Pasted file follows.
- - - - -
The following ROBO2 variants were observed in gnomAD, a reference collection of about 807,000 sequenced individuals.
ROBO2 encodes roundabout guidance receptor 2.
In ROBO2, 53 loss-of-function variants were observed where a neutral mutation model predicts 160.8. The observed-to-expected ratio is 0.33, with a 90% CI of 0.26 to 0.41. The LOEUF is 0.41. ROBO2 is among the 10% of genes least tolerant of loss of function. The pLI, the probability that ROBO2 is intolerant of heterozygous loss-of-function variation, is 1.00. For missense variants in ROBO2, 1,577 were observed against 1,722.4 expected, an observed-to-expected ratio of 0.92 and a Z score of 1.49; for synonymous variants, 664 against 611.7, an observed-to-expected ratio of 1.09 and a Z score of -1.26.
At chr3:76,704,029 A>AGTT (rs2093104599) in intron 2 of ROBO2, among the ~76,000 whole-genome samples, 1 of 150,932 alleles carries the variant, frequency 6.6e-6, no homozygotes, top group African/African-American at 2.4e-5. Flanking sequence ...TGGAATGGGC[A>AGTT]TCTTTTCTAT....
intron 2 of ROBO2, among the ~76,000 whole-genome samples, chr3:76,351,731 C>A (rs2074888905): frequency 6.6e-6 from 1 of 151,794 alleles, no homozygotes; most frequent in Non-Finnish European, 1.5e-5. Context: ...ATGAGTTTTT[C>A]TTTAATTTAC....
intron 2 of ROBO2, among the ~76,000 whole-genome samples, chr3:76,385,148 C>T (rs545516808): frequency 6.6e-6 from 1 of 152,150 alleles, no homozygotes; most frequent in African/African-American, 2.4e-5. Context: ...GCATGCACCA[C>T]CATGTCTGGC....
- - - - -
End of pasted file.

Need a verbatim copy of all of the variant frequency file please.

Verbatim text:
The following ROBO2 variants were observed in gnomAD, a reference collection of about 807,000 sequenced individuals.
ROBO2 encodes roundabout guidance receptor 2.
In ROBO2, 53 loss-of-function variants were observed where a neutral mutation model predicts 160.8. The observed-to-expected ratio is 0.33, with a 90% CI of 0.26 to 0.41. The LOEUF is 0.41. ROBO2 is among the 10% of genes least tolerant of loss of function. The pLI, the probability that ROBO2 is intolerant of heterozygous loss-of-function variation, is 1.00. For missense variants in ROBO2, 1,577 were observed against 1,722.4 expected, an observed-to-expected ratio of 0.92 and a Z score of 1.49; for synonymous variants, 664 against 611.7, an observed-to-expected ratio of 1.09 and a Z score of -1.26.
At chr3:76,704,029 A>AGTT (rs2093104599) in intron 2 of ROBO2, among the ~76,000 whole-genome samples, 1 of 150,932 alleles carries the variant, frequency 6.6e-6, no homozygotes, top group African/African-American at 2.4e-5. Flanking sequence ...TGGAATGGGC[A>AGTT]TCTTTTCTAT....
intron 2 of ROBO2, among the ~76,000 whole-genome samples, chr3:76,351,731 C>A (rs2074888905): frequency 6.6e-6 from 1 of 151,794 alleles, no homozygotes; most frequent in Non-Finnish European, 1.5e-5. Context: ...ATGAGTTTTT[C>A]TTTAATTTAC....
intron 2 of ROBO2, among the ~76,000 whole-genome samples, chr3:76,385,148 C>T (rs545516808): frequency 6.6e-6 from 1 of 152,150 alleles, no homozygotes; most frequent in African/African-American, 2.4e-5. Context: ...GCATGCACCA[C>T]CATGTCTGGC....